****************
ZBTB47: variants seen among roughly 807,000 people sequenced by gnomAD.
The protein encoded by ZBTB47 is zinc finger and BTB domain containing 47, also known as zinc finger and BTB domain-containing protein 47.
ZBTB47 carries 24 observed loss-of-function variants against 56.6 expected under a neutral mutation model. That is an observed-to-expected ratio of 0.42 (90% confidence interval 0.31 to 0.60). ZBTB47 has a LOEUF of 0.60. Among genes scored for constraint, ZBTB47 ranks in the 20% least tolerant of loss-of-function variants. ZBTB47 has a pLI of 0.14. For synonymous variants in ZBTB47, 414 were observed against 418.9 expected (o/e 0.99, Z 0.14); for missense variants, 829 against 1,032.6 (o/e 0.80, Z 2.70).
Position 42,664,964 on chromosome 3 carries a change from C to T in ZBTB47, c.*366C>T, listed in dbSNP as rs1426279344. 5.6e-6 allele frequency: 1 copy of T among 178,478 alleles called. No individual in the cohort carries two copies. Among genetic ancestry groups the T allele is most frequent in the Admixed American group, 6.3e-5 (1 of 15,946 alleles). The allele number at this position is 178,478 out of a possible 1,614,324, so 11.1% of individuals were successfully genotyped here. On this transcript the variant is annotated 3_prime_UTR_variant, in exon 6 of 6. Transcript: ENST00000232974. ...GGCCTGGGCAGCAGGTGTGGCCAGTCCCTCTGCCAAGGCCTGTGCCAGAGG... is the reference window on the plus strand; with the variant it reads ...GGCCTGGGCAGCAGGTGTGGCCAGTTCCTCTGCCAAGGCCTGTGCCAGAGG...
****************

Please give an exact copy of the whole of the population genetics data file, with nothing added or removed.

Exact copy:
ZBTB47: variants seen among roughly 807,000 people sequenced by gnomAD.
The protein encoded by ZBTB47 is zinc finger and BTB domain containing 47, also known as zinc finger and BTB domain-containing protein 47.
ZBTB47 carries 24 observed loss-of-function variants against 56.6 expected under a neutral mutation model. That is an observed-to-expected ratio of 0.42 (90% confidence interval 0.31 to 0.60). ZBTB47 has a LOEUF of 0.60. Among genes scored for constraint, ZBTB47 ranks in the 20% least tolerant of loss-of-function variants. ZBTB47 has a pLI of 0.14. For synonymous variants in ZBTB47, 414 were observed against 418.9 expected (o/e 0.99, Z 0.14); for missense variants, 829 against 1,032.6 (o/e 0.80, Z 2.70).
Position 42,664,964 on chromosome 3 carries a change from C to T in ZBTB47, c.*366C>T, listed in dbSNP as rs1426279344. 5.6e-6 allele frequency: 1 copy of T among 178,478 alleles called. No individual in the cohort carries two copies. Among genetic ancestry groups the T allele is most frequent in the Admixed American group, 6.3e-5 (1 of 15,946 alleles). The allele number at this position is 178,478 out of a possible 1,614,324, so 11.1% of individuals were successfully genotyped here. On this transcript the variant is annotated 3_prime_UTR_variant, in exon 6 of 6. Transcript: ENST00000232974. ...GGCCTGGGCAGCAGGTGTGGCCAGTCCCTCTGCCAAGGCCTGTGCCAGAGG... is the reference window on the plus strand; with the variant it reads ...GGCCTGGGCAGCAGGTGTGGCCAGTTCCTCTGCCAAGGCCTGTGCCAGAGG...